I call rails console my playground tool. This is where I test my scripts before I integrate it into my project. Let’s get started using it.
First, you have to create a model which we can play with.
Once again, navigate to your project folder using the command line.
Then generate a Subjects model or any model you want. Always remember that when you generate a model, you are also generating a database migration file:
rails generate model Subjects
If you decided that you don’t want the Subjects model. Then you can always destroy it:
rails destroy model Subjects
Note that it will destroy anything that the generate has created, not only the model. But also the database migration file for that specific model.
Why use Rails Console?
My answer is that its easier to write scripts in the rails console compared to writing sql statements in the mysql console. Read on so that you’ll see for yourself what I am talking about.
First, make sure that you already know how to edit your migration file which is located under db/migrate of your project folder. Here’s the guide. Make sure to follow that and run the migration that you defined before you continue. Here’s what your database migration file should look like:
class CreateSubjects < ActiveRecord::Migration def self.up create_table :subjects do |t| t.string "name" t.integer "position" t.boolean "visible", :default => false t.timestamps end end def self.down drop_table :subjects end end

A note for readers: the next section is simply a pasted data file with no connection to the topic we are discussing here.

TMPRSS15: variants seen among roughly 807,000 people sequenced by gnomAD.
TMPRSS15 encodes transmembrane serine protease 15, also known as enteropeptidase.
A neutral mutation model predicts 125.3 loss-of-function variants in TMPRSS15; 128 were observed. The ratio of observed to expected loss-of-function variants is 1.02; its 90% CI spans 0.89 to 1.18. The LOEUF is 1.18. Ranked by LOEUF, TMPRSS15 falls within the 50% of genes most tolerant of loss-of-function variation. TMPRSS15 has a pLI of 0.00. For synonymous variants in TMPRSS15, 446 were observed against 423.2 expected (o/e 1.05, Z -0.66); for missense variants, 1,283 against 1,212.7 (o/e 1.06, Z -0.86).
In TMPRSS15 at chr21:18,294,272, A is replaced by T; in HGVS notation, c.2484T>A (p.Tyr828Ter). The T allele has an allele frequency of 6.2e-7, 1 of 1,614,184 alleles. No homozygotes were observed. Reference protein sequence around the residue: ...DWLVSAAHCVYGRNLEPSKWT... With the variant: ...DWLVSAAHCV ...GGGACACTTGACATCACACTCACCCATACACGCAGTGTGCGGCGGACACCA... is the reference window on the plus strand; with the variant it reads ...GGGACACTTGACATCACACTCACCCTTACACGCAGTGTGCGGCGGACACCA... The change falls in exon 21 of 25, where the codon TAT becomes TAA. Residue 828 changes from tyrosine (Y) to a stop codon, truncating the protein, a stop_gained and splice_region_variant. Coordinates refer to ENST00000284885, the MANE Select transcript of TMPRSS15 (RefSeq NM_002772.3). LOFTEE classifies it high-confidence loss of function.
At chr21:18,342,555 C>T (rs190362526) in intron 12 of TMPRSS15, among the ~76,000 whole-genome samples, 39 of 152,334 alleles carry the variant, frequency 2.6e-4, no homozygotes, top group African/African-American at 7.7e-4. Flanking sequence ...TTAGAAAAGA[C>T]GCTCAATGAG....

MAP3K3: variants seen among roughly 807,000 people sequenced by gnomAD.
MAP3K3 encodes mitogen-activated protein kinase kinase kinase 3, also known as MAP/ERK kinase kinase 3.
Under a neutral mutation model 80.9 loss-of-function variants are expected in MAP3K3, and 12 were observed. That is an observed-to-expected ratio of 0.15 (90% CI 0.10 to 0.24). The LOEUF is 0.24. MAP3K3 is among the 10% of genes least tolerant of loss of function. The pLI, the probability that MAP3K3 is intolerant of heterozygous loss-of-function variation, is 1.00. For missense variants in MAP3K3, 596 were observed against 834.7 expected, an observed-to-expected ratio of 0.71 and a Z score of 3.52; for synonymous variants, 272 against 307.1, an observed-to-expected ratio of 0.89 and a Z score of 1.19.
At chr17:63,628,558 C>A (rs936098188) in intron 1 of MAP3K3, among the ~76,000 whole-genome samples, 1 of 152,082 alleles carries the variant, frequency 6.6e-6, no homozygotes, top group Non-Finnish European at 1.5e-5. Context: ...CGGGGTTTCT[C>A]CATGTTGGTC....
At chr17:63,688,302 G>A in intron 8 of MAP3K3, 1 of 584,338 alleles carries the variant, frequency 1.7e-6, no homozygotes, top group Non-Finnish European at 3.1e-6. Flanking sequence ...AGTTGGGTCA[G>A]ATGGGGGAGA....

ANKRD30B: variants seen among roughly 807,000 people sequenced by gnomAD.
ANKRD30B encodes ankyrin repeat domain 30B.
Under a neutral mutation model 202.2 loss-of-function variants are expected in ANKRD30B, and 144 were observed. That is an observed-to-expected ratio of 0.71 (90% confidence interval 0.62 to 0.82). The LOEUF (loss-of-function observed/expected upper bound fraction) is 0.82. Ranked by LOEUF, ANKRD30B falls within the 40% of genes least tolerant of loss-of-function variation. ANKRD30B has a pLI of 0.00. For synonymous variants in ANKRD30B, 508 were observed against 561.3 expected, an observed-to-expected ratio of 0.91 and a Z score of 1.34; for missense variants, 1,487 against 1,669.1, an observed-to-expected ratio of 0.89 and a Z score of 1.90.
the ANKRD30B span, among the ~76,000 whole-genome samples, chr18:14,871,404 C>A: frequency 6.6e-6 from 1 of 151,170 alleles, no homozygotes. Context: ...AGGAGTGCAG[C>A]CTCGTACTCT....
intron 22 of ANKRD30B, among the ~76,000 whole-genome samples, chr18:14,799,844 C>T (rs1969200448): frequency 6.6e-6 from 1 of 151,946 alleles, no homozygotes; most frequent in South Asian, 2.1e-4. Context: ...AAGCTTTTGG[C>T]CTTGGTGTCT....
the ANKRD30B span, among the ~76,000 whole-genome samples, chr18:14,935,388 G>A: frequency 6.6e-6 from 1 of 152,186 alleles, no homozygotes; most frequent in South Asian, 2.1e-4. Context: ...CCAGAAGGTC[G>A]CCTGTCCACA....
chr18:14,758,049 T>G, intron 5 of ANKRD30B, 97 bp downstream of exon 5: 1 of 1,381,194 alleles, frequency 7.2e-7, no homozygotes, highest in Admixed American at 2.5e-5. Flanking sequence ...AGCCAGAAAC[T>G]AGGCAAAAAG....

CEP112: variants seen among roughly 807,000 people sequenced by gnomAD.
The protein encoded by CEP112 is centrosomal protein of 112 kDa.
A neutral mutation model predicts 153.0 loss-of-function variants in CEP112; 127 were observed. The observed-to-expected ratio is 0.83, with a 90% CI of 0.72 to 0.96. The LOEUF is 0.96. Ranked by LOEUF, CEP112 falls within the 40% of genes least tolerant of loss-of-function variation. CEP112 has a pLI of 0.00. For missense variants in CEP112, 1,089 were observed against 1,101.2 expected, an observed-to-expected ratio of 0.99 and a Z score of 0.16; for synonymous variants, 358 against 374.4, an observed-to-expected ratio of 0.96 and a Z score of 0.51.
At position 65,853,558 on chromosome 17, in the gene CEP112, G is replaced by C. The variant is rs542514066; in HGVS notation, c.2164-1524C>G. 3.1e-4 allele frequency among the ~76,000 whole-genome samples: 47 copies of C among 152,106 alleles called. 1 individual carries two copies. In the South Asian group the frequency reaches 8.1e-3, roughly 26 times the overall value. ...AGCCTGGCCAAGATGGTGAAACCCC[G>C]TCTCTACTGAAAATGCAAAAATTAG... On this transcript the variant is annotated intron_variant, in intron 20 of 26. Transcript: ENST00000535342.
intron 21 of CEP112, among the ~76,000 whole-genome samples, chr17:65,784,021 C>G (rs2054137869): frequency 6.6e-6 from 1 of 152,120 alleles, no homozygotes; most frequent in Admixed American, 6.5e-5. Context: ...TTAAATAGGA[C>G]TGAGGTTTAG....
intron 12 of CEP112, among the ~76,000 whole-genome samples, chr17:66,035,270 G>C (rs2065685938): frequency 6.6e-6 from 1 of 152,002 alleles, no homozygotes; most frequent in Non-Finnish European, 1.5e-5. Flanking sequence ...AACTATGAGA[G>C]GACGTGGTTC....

Create a new record in the mysql database. Here’s the current state of the table subjects:
Now, let’s create a new record in the Active Record:
s = Subjects.new(:name=>"Biology", :position=>4)
To commit the change in the Active Record into your database:
To check if its indeed committed the go to your mysql console or phpmyadmin:
And by the way, if you don’t know what active record is. My definition is that its just like a copy of your database which you can manipulate just like your database. Here’s the long definition from the rubyonrails.org site.
There are many ways to find records in your active record:
- find – returns a single record. Uses primary key
- all – return an array of all the records.
- find_by_fieldname – returns a single record. Uses specified fieldname and a single argument.
For example, if you want to find a subject called Math:
Note that I only made up the ‘s’ you can use whatever you want.
You must first find the record that you want to update before you can use the update method.
search = Subjects.find(5)
You can only update if it returned something:
The method which I just showed you automatically commits to your database. And you can update different fields at the same time. Just add a comma if you want to update other fields.
Here’s the long-cut method, which you can use to update single fields:
search = Subjects.find(5)
Then assign a value to the field which you want to update:
search.name = "Bio"
Finally, commit the changes to your database:
You need to find a record before you can delete it. Then just call the method destroy. Be sure to use the same variable in which you have assigned your result. In this case, it is the variable s.